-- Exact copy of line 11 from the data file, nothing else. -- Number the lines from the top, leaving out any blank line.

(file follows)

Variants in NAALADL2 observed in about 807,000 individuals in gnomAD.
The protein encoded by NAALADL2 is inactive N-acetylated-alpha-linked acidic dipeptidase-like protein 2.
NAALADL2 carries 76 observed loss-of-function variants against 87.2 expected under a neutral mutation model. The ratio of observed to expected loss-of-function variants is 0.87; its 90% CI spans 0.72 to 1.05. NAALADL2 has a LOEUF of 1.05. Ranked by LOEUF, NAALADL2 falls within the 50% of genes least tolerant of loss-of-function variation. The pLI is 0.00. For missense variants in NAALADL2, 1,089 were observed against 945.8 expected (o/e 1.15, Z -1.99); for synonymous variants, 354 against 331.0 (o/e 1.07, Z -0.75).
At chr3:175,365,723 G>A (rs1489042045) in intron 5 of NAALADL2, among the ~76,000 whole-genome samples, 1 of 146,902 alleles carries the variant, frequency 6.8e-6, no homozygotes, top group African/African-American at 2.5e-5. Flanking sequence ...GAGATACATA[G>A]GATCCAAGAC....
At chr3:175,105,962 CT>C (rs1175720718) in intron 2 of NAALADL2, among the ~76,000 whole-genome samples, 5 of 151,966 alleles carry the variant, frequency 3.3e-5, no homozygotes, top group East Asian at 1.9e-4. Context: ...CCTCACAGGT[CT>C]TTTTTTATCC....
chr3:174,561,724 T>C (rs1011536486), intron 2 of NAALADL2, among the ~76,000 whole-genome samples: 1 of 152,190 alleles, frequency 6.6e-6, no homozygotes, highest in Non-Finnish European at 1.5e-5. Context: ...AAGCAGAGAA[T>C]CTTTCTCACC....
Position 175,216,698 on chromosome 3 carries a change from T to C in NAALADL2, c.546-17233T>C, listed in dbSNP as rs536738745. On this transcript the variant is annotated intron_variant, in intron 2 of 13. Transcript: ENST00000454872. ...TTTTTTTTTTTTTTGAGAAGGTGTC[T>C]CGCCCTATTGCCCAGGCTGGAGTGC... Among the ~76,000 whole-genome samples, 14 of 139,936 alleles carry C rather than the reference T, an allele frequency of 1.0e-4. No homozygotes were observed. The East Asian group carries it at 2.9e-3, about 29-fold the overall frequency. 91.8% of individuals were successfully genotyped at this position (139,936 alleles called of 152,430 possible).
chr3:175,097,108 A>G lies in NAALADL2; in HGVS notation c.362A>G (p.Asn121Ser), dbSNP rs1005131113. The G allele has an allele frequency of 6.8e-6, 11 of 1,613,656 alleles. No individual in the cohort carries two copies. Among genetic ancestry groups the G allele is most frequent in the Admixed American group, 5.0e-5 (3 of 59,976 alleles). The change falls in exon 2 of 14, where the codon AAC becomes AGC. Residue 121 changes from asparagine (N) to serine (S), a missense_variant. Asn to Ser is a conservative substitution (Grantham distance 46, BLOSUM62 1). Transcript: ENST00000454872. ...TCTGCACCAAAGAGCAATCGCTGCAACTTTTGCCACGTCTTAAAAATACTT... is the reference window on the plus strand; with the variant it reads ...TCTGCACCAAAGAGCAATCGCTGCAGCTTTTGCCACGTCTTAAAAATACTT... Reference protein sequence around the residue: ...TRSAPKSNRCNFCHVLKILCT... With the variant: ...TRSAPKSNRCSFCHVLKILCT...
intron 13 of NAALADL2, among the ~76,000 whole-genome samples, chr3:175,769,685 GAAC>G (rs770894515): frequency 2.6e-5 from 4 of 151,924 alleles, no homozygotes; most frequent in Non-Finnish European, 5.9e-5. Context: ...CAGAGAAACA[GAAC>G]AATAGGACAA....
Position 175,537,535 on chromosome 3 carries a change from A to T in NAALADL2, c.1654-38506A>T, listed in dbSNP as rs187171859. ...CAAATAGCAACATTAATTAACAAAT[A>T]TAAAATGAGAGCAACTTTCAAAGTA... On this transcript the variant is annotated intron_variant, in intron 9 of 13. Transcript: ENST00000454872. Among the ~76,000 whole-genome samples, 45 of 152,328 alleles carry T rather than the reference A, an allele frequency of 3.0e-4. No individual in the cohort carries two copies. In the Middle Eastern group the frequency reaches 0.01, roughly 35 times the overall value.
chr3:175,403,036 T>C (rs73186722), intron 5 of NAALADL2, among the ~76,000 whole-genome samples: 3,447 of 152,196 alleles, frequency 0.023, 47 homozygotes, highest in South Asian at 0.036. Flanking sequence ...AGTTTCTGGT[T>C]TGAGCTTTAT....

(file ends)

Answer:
chr3:175,403,036 T>C (rs73186722), intron 5 of NAALADL2, among the ~76,000 whole-genome samples: 3,447 of 152,196 alleles, frequency 0.023, 47 homozygotes, highest in South Asian at 0.036. Flanking sequence ...AGTTTCTGGT[T>C]TGAGCTTTAT....